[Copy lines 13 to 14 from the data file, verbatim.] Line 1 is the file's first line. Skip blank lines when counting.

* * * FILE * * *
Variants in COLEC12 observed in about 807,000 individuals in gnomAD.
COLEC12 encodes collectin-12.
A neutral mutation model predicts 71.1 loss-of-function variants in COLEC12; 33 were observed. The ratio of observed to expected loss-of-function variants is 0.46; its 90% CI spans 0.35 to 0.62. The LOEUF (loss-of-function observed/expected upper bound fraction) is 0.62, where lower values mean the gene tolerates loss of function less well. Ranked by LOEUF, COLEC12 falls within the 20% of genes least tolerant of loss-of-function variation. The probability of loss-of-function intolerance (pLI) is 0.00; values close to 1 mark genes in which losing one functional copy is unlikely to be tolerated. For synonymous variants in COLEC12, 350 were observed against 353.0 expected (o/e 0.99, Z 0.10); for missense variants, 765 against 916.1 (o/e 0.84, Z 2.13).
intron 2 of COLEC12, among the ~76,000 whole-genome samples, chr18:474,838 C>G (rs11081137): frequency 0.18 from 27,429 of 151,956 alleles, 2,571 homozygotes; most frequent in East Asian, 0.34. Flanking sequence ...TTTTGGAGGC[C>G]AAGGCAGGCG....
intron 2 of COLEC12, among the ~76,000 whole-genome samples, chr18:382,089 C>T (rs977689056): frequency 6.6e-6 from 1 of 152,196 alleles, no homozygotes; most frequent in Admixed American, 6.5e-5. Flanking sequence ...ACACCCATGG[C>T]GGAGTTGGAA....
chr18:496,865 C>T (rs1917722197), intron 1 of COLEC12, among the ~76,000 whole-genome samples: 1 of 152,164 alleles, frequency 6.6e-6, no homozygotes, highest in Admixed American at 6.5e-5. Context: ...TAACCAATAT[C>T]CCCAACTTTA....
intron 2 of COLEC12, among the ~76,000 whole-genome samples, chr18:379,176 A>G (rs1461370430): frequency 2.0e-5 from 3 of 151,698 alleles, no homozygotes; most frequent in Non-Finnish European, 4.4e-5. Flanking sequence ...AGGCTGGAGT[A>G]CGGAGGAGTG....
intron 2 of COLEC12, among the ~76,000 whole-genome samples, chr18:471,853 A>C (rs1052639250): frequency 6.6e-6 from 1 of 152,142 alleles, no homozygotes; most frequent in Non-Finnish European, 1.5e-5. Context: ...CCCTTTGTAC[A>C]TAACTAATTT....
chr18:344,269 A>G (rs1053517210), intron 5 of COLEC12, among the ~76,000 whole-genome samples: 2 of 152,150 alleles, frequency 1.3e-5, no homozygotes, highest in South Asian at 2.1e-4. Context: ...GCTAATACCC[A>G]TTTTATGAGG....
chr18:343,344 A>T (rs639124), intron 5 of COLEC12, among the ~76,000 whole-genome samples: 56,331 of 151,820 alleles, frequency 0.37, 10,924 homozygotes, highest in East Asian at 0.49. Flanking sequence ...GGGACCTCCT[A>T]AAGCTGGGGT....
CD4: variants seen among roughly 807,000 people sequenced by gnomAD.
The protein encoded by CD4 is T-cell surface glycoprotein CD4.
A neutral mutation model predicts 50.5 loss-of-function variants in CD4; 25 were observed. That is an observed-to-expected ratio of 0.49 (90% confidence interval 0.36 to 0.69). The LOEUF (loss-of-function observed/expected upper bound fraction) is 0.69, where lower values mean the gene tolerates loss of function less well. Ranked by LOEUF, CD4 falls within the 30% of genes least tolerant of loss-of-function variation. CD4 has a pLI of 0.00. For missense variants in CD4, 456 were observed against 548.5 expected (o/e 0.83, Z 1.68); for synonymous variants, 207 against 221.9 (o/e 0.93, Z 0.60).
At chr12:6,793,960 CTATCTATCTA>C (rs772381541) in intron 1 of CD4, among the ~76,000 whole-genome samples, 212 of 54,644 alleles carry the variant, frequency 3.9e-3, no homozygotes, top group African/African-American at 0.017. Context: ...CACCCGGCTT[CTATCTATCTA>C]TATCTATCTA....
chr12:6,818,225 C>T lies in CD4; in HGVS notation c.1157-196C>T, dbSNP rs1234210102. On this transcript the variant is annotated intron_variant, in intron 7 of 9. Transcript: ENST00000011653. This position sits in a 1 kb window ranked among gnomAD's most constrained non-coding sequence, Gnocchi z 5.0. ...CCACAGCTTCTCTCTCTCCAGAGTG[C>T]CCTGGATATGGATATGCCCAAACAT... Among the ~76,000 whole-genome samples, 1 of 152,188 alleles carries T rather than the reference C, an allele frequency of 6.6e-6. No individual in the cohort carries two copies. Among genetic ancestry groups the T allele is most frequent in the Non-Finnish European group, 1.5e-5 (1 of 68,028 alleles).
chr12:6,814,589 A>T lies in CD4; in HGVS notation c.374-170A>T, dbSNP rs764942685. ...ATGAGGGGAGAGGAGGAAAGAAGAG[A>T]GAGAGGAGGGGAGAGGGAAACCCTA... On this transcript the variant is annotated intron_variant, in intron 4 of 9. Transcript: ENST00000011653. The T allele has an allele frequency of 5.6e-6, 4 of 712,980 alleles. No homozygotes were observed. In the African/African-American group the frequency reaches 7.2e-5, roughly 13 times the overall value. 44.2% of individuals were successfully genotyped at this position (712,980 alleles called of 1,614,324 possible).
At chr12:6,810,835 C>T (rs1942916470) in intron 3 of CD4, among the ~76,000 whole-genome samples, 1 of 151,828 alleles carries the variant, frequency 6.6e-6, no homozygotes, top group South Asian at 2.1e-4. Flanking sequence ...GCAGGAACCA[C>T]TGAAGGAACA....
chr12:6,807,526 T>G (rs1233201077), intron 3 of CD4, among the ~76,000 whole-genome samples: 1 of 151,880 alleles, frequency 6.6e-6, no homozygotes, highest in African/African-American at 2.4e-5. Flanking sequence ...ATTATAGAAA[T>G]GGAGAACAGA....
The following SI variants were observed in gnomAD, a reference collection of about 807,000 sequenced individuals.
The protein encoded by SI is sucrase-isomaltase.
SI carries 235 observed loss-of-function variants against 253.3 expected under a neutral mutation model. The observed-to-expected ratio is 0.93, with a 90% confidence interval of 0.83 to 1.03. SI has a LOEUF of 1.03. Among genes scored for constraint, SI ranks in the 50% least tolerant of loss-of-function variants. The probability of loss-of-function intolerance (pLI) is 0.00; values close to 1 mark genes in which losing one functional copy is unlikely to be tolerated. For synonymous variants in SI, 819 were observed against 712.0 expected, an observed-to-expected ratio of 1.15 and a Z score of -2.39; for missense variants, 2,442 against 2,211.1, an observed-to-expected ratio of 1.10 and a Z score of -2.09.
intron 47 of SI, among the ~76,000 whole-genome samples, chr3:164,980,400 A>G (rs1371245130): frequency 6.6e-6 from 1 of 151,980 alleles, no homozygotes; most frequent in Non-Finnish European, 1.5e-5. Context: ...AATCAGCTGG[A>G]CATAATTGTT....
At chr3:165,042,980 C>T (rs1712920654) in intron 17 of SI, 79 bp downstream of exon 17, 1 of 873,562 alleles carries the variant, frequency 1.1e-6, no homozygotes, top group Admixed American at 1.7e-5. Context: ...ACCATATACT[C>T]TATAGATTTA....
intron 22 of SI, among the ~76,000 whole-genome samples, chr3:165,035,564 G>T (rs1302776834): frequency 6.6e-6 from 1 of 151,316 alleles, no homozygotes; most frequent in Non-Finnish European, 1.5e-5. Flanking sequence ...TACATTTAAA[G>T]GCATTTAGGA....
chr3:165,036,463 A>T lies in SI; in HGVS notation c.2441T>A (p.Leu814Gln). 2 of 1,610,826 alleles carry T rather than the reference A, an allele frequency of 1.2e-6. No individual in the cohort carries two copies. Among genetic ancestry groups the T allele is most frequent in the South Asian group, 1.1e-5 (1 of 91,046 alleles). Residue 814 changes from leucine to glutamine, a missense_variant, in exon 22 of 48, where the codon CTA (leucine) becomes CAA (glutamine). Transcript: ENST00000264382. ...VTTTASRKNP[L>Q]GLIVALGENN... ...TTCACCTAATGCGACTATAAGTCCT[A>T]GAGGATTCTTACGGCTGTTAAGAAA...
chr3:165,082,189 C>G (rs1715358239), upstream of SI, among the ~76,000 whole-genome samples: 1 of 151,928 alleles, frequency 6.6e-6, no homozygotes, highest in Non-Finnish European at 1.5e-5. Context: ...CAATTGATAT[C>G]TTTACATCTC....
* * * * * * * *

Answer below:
A neutral mutation model predicts 50.5 loss-of-function variants in CD4; 25 were observed. That is an observed-to-expected ratio of 0.49 (90% confidence interval 0.36 to 0.69). The LOEUF (loss-of-function observed/expected upper bound fraction) is 0.69, where lower values mean the gene tolerates loss of function less well. Ranked by LOEUF, CD4 falls within the 30% of genes least tolerant of loss-of-function variation. CD4 has a pLI of 0.00. For missense variants in CD4, 456 were observed against 548.5 expected (o/e 0.83, Z 1.68); for synonymous variants, 207 against 221.9 (o/e 0.93, Z 0.60).
At chr12:6,793,960 CTATCTATCTA>C (rs772381541) in intron 1 of CD4, among the ~76,000 whole-genome samples, 212 of 54,644 alleles carry the variant, frequency 3.9e-3, no homozygotes, top group African/African-American at 0.017. Context: ...CACCCGGCTT[CTATCTATCTA>C]TATCTATCTA....